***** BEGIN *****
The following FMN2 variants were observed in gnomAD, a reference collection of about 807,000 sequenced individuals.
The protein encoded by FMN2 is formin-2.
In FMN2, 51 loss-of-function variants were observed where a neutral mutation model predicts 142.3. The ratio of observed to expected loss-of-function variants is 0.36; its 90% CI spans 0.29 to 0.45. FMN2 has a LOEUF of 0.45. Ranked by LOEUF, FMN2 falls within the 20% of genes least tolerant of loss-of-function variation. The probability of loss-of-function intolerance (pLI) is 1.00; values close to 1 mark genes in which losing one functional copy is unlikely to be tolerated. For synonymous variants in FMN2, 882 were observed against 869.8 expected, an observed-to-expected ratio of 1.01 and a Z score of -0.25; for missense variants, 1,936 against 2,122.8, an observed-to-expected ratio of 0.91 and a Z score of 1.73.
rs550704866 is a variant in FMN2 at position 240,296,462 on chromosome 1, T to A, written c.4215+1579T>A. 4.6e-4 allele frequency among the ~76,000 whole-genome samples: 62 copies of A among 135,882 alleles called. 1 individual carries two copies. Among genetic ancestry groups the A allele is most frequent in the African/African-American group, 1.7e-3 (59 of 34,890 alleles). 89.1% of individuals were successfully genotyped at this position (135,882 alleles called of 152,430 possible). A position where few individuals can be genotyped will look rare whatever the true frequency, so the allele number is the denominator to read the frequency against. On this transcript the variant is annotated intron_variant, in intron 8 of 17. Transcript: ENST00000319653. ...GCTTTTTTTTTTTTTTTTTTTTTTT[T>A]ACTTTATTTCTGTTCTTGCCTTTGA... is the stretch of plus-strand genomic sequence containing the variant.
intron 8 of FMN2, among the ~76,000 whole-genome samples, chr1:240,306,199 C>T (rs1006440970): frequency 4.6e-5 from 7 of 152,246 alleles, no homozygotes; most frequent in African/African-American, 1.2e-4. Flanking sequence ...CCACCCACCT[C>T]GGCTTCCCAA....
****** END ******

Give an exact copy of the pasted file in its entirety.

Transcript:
The following FMN2 variants were observed in gnomAD, a reference collection of about 807,000 sequenced individuals.
The protein encoded by FMN2 is formin-2.
In FMN2, 51 loss-of-function variants were observed where a neutral mutation model predicts 142.3. The ratio of observed to expected loss-of-function variants is 0.36; its 90% CI spans 0.29 to 0.45. FMN2 has a LOEUF of 0.45. Ranked by LOEUF, FMN2 falls within the 20% of genes least tolerant of loss-of-function variation. The probability of loss-of-function intolerance (pLI) is 1.00; values close to 1 mark genes in which losing one functional copy is unlikely to be tolerated. For synonymous variants in FMN2, 882 were observed against 869.8 expected, an observed-to-expected ratio of 1.01 and a Z score of -0.25; for missense variants, 1,936 against 2,122.8, an observed-to-expected ratio of 0.91 and a Z score of 1.73.
rs550704866 is a variant in FMN2 at position 240,296,462 on chromosome 1, T to A, written c.4215+1579T>A. 4.6e-4 allele frequency among the ~76,000 whole-genome samples: 62 copies of A among 135,882 alleles called. 1 individual carries two copies. Among genetic ancestry groups the A allele is most frequent in the African/African-American group, 1.7e-3 (59 of 34,890 alleles). 89.1% of individuals were successfully genotyped at this position (135,882 alleles called of 152,430 possible). A position where few individuals can be genotyped will look rare whatever the true frequency, so the allele number is the denominator to read the frequency against. On this transcript the variant is annotated intron_variant, in intron 8 of 17. Transcript: ENST00000319653. ...GCTTTTTTTTTTTTTTTTTTTTTTT[T>A]ACTTTATTTCTGTTCTTGCCTTTGA... is the stretch of plus-strand genomic sequence containing the variant.
intron 8 of FMN2, among the ~76,000 whole-genome samples, chr1:240,306,199 C>T (rs1006440970): frequency 4.6e-5 from 7 of 152,246 alleles, no homozygotes; most frequent in African/African-American, 1.2e-4. Flanking sequence ...CCACCCACCT[C>T]GGCTTCCCAA....